Regarding mobility and internships, clear strategy, concrete goals and experiences are presented by the University of Tartu and by the Medical University Sofia. The University of Tartu emphasises that they signed a considerable number of bilateral partnership agreements with universities abroad which provide for exchanges of students and researchers, as well as other cooperation in teaching and research. Around 20% of academic staff participated in mobility; within various programmes, staff members travelling abroad in the year was close to 70%. The Medical University Sofia has officially signed more than 150 institutional agreements for academic exchange and 33 memorandums of academic cooperation. They present stages in the process of implementing the actions of mobility as well as consequences of good practices for the implementation of teacher mobility and overall cooperation between the universities. Since its establishment in 2011, FNUSA-ICRC has been working closely with the Mayo Clinic (Rochester, Minnesota, USA and Phoenix, Arizona, USA), where 236 FNUSA-ICRC staff members have already completed 236 work placements.FNUSA-ICRC also cooperates with other foreign partners and has many agreements in the framework of academic cooperation with universities in Europe, America and Asia. In 2019, 219 employees participated in training at foreign institutions, while in other years the number was lower mainly due to the Covid-19 pandemic.

Best practices in career systems in life science research also identified some shortcomings to be addressed in the future. There is a challenge in the area of combining careers in medical/life sciences (research at the university/research centre and at hospital) – none of the Alliance4Life members considered its system as “advanced”. We are still missing best practices in this area. And we are missing a standardized monitoring tool for the grading and assessment of progress in HR/career systems. An important aspect that complicates the implementation of advanced systems from one institution to another is the national context (national legislation, and related (de)centralisation of HR management). The partners identified general factors/enablers enhancing positive, institutional change that are valid across not only nine HR areas, but also across individual countries and institutions. These factors make career system upgrades functional and sustainable in the long run.

In the CEE, efficient human resource management and modern career progression systems are often absent. Innovating and implementing the career systems of the partner institutions is expected to tackle this issue. Best practices in career systems in life science research gives us a starting point for the future evaluation of progress in HR management of all Alliance4Life members. The resulting set of best practice measures, proven through operation, will be presented to the board, representing all member institutions, at the Alliance4Life´s community meeting in April 2022. The partners will internally discuss how to use the best practice to improve their HR management, and how it could lead to better scientific performance and employee satisfaction. In addition, the achieved results will be used for the formulation of the consecutive deliverable “report on advances in career system upgrades”, with the aim of monitoring progress at the level of Alliance4Life members and their HR management systems.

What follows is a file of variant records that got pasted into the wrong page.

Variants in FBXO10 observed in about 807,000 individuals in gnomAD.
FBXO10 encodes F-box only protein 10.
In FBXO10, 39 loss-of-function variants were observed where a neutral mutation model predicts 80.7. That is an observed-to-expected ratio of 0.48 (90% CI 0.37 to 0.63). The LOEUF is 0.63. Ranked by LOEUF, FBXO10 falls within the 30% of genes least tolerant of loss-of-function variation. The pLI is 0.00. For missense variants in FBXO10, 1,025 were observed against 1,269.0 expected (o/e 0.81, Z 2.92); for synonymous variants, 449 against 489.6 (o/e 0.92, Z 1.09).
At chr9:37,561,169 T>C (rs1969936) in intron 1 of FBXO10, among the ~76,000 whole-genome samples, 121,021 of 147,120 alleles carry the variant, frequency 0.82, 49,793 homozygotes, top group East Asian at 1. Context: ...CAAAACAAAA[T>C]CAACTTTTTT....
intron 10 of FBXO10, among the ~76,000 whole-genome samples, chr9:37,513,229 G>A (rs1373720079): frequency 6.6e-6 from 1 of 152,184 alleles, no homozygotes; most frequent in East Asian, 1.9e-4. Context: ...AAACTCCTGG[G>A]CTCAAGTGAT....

Mgr. Sandra Thalerová is looking for new methods of stroke treatment in the lab

The third award winner is Sandra Thalerová, a PhD student in biochemistry at the Faculty of Science of Masaryk University and a researcher at the Cerebrovascular Research Programme of FNUSA-ICRC. For the publication of her research findings in the field of drug combinations and their effects on stroke treatment under laboratory conditions, she was awarded the Masaryk University “Scholarship Program for the Support of Creative Activity for the Publication of Outstanding Results of Own Research”. Two years ago she was also awarded the Brno Ph.D. Talent. Sandra is part of a research group dealing with in vitro laboratory experiments, which brings together the staff of the Institute of Biophysics of the CAS and the Cerebrovascular Program of FNUSA-ICRC.

What does this recognition of your work mean to you?

Every award or invitation to give a talk is an indicator to me that there is interest in our research and that in vitro modelling has a strong place in stroke research. Also, every award increases the publicity and prestige of our team, and I’m very happy about that. The award is also my thanks for the excellent guidance of my supervisor Dr. Jan Viteček and my supervisor in the Cerebrovascular Team, Prof. Robert Mikulík.